“For the first time ever, the Forest Service and Plum Creek sat down and showed us all the roads that would be impacted,” Tester said.
That’s 2,000 miles of forest road in Montana, a sprawling tangle of bumpy dirt that’s difficult to imagine, even with a map.
“There are still a lot of questions,” Tester said after reviewing the map. “You get answers to some questions, and then new questions pop up. The one thing that’s clear, though, is that things are changing. The ownership of the forest is changing, and Plum Creek is going to be divesting lands.”
Which, the senator said, makes public process and open dialogue all the more important.
“Some of this information they’re providing now should’ve been provided two years ago,” Tester said, adding that the Government Accountability Office – at his request – began an investigation this week into whether Rey’s private talks with Plum Creek should, in fact, have been public.
Montana counties, among others, have argued that the environmental and economic impacts of Rey’s easement amendment would be substantial, and so demand a full public process.
And while Rey disagrees on that point, he has finally submitted to a request by the counties that he supply a list of all easements affected by his plan.
“We’ve been scanning them, putting them on discs,” he said of the easements, and will be providing those discs to both the senator and the counties in coming days.
In addition, Rey said, “we’re off to meet with the counties, now.”
He and his staff, as well as Forest Service officials, plan to repeat Wednesday’s presentation in about seven western Montana counties, providing local leaders time to pore over the maps and ask more questions.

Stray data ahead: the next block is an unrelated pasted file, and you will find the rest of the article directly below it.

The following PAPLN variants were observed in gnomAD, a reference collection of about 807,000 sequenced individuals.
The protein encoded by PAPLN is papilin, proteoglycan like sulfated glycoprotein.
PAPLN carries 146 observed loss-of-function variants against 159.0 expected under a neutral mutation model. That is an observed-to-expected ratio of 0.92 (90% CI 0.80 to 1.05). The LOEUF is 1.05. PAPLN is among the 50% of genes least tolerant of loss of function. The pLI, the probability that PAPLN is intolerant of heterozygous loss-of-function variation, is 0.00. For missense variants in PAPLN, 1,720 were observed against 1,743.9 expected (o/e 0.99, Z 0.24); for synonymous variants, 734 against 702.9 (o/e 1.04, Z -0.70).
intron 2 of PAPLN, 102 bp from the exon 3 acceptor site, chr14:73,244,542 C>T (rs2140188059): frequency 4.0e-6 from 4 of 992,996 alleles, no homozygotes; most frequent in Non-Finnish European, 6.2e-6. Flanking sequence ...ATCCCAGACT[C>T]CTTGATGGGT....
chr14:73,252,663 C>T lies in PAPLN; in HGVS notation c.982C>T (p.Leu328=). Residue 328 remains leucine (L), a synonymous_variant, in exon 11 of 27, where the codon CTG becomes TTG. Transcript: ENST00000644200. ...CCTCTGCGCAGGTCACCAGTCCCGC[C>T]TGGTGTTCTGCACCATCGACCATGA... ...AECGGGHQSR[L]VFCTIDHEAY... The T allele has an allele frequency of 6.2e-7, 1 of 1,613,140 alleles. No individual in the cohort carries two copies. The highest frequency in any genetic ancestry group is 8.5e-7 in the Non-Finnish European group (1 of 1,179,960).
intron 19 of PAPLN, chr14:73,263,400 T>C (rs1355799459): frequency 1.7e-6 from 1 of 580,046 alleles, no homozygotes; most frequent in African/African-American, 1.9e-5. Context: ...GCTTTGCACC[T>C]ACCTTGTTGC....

“Then we’ll see what happens next,” the undersecretary said. “I don’t like to predict downstream eventualities.”
But Rey did add that “however we resolve this issue, I’d like to resolve it by year’s end.”
By which he means the end of the Bush administration, and the end of his political tenure as Agriculture undersecretary.
Tester, however, wonders whether that will be possible, given the ongoing GAO investigation and the number of unanswered questions.
“I’m more convinced than ever,” Tester said after Wednesday’s meeting, “that this kind of third-party GAO investigation is important. We’re going to need a real public dialogue as this process moves forward.”
And while Tester applauded Rey’s commitment to meet with county and state officials, the senator added he’s “not comfortable with this until we get a lot more details hammered out. What the map told me is that some of the problems are probably going to be taken care of through conservation sales, but that doesn’t resolve all the issues.”
Issues such as whether government officials ought to negotiate major land deals with private companies outside the public process. Doing so, Tester warned, “sets an incredible precedent, and it may be a precedent that we don’t want to set.”
Copyright The Missoulian Jul 17, 2008
(c) 2008 Missoulian. Provided by ProQuest Information and Learning. All rights Reserved.